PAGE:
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WALLOP: A Novel by Nathaniel Kennon Perkins

$12.00 / On Sale

The last time Lauren had gone to the Psychic Institute, she paid sixty bucks and was told she was a reincarnated mermaid from another planet. How stupid would a hitchhiking, pool-shooting landscaper have to be to impregnate a former alien mermaid? How idiotic would he have to be to sleep in cornfields, hitchhike with white supremacists, and consume a pillowcase full of mushrooms just to figure it out? Wallop is a budget crust-punk epic, an oogle ode set in the house parties and open roads of wasteland America, a manifesto for the crusty dirt bag who’s just trying to get something, anything, back on track.



“[Wallop is] for anyone who has or at least wants to know what it means to stand on a street corner on a summer day and smoke a cigarette between the cities of Denver and Kansas City. [Perkins’s] characters are not ‘great people’ who have a curriculum vitae of impressing accomplishments—their roads won’t lead them to hosting any TED Talks. This is how their lives turned out. [He] loves his characters; doesn’t compare them to other people; doesn’t ask them to lead better or worse lives; doesn’t ask his characters to be anything but characters. I really like this.”—NOAH CICERO, author of Give It to the Grand Canyon

“For anyone who’s ever wondered what it’s like to hitchhike through Kansas, sleep in a cornfield, or join the underground Missouri punk scene, Wallop is a thrilling read. Self-critical while never self-indulgent, Perkins has crafted a smart and refreshing twist on a familiar genre. Through witty prose and wry humor, he achieves a delicate balance of nihilism and hope, resulting in an ultimately moving perspective of one man struggling to find meaning in contemporary life..”—ISA MAZZEI, author of Camgirl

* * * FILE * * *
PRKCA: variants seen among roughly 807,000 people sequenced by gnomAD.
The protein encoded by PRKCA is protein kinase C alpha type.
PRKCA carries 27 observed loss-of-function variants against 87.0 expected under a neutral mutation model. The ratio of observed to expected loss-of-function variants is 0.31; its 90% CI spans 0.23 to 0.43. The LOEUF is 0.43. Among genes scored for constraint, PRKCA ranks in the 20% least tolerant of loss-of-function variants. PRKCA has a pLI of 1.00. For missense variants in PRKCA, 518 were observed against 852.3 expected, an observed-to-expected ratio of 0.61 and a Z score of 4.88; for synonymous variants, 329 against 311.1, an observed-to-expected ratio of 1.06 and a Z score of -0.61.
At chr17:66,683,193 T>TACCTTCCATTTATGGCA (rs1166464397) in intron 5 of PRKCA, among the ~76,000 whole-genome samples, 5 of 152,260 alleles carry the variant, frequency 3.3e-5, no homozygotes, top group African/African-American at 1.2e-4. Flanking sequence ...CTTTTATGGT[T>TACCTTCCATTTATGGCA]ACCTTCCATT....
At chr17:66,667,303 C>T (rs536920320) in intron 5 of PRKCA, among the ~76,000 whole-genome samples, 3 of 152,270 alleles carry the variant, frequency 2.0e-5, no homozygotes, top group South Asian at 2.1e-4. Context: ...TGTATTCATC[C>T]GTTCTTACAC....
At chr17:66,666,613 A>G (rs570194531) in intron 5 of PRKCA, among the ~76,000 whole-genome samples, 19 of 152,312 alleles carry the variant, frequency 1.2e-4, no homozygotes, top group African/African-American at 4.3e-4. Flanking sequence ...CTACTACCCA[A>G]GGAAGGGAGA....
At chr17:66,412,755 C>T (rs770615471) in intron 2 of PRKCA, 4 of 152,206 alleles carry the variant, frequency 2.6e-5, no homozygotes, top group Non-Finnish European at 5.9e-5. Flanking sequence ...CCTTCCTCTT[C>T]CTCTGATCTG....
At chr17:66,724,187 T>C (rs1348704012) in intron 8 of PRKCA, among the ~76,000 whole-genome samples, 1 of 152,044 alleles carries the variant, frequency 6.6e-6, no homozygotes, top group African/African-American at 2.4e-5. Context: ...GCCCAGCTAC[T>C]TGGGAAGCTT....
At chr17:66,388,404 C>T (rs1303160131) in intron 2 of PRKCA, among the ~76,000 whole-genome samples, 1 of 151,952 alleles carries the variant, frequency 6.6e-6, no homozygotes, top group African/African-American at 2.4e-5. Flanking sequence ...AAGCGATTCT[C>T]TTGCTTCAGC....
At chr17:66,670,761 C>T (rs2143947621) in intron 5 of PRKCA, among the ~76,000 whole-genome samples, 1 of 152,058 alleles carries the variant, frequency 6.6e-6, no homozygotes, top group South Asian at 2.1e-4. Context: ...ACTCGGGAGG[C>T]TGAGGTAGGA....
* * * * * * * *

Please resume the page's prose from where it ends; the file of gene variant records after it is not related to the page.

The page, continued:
“Taking a Midwest road trip and partying with Nathaniel Kennon Perkins is not for the cowardly. [Wallop] is a tragicomic tale told in concise, well-paced prose. If you want to know what it feels like to be a young man making bad life choices in today’s America, this is the book for you.”—BART SCHANEMAN, author of The Silence is the Noise

“Where other writers might make a big show of pulling back the curtain, Perkins tore his down a long time ago and has been using it as a makeshift sleeping bag. His writing necessitates a dirty, uncomfortable intimacy, revealing the ugly contours of fringe life in the West, where cigarettes and tequila can be a warm meal and a story only ever ends when Perkins gets tired of telling it.”—KEVIN STERNE, author of All Must Go

“Goddamn good.”—ADAM GNADE, author of This is the End of Something but it’s Not the End of You

Wallop simulates the experience of hitchhiking under the influence of a looming abortion, hungover as hell. I loved it. Perkins taps into the complexities of human experience, guilt, and the dramatic irony of what’s left unsaid. Our unnamed narrator navigates the desolate highways of the Midwest in tandem with his half-baked relationship, and we are lucky to be along for the ride.”—SHY WATSON, author of Cheap Yellow

“Nate’s writing is real. Honestly human. It kicks you right in the nuts then extends a hand to help you up. Wallop is that one oddly good friend you met in passing months ago at the bar and run into every now and then. You hug and smile and feel like you’ve known them for years. It’s a big bowl of Captain Crunch—sweet, filling, but cuts you all up inside.”—TANNER BALLENGEE, author of Sixty Tattoos I Secretly Gave Myself at Work


124 pages // Paperback


$4 (United States) // $7 shipping (Elsewhere)

E-book available at Amazon.com


NATHANIEL KENNON PERKINS lives in Boulder, Colorado, where he works as a bookseller and publisher at Trident Press. He is the author of a short story collection, The Way Cities Feel to Us Now (Maudlin House, 2019), a previous novel, Cactus (Trident Press, 2018), and an ongoing literary zine series, Ultimate Gospel. His writing has appeared at TriQuarterly, Noncanon Press, Berfrois, Talking Book, Keep This Bag Away From Children, decomP, Pithead Chapel, Timber Journal, Potluck, Thought Catalog and American West, among other places. In 2014 he was the recipient of the High Country News’s Bell Prize.